Supply chain management and logistics, for example, that have for long relied upon human inputs and capabilities have found a new hero in IoT. The addition of sensors, identity chips, and communication devices that are constantly connected to the cloud and analytics engines have brought a new wave of automation in business that delivers constant feedback and enable better business decision making for organizations of all sizes. So what are those five ways in which IoT has helped revolutionize supply chain management and logistics for global businesses? Let’s take a closer look.
What can IoT do for supply chain management
In a connected world where consumers and businesses have direct access to each other from halfway around the world, data becomes an extremely precious commodity, and an integral variable in the growth of a business. Traditionally, this data has been difficult, if not impossible to collect. Once the data was collected, it had to be sorted and analyzed manually for it to make a real impact on the business bottom line.
For example, a vending machine that shares real-time feedback with the warehouse management system and informs it when the inventory is running low and automatically places an order for those items, makes a payment to the suppliers, and generates a quick report for the manufacturer on the sales figures. This can allow companies to better segment their target audience in a particular geographical location and focus their energies on marketing efforts accordingly.
Such automation is no longer a piece of science fiction fantasy. It is for real and it is happening all around us. Another example can be seen at airports where RFID tags on baggage ensures safe delivery of luggage to its intended destination. With a reduced number of incidents of misplaced luggage, airlines can easily reduce their costs of having to compensate customers for such mishaps. When taken to the next level, use of RFID tags in conjunction with GPS, weather, and traffic etc. on large cargo consignments can enable businesses to track optimal routes of delivery by land, air or sea, and improve the overall efficacy of the supply chain. And all of this in a day’s work.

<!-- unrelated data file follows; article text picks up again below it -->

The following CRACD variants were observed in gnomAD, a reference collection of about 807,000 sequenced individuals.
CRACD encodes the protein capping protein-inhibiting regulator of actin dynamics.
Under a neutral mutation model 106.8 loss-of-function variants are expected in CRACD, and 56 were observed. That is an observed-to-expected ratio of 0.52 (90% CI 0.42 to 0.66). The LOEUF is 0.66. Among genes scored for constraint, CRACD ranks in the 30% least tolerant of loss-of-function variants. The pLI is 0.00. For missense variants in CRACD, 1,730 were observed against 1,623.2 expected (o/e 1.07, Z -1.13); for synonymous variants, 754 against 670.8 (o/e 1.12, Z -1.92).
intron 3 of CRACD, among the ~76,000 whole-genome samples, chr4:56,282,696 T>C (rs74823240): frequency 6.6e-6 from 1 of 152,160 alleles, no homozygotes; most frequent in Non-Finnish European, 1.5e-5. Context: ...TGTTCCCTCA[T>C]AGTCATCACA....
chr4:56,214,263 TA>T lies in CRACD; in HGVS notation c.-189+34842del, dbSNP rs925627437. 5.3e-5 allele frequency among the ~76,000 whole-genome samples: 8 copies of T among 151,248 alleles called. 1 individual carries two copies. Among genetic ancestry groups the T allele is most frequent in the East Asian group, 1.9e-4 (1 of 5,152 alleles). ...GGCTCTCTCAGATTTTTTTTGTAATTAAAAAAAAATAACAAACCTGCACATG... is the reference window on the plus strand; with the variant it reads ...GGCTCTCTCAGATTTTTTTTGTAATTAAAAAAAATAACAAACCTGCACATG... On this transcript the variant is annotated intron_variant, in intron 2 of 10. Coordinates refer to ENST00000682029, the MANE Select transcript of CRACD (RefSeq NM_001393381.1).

A responsive supply chain
Businesses are no longer confined to a single channel to reach out the consumers. As a result of this omni-channel market where everything and everyone is connected, it becomes pertinent for organizations to embrace IoT to enable an responsive supply chain that evolves constantly at every stage. Real time supply chain data collection and analysis can help businesses to accurately track and assess inventory movements with the help of sensors, and hence be in a position to accelerate or reduce the supply of inventory based on consumer demand.
Smart warehouse management
IoT enabled supply chains can operate efficient warehouses with a visible impact on the bottom line. Asset losses, temperature variations, order fulfillment, payment tracking, and other such operational hurdles can easily be optimized for accuracy and efficiency. For example, if assets in a warehouse are connected to the internet via small GPS enabled RFID tags that work like The Google Android Device manager to locate an android phone, they can easily be tracked anywhere before they become a problem. Such a system can not only ensure efficiency, but also protect against theft or damage to the inventory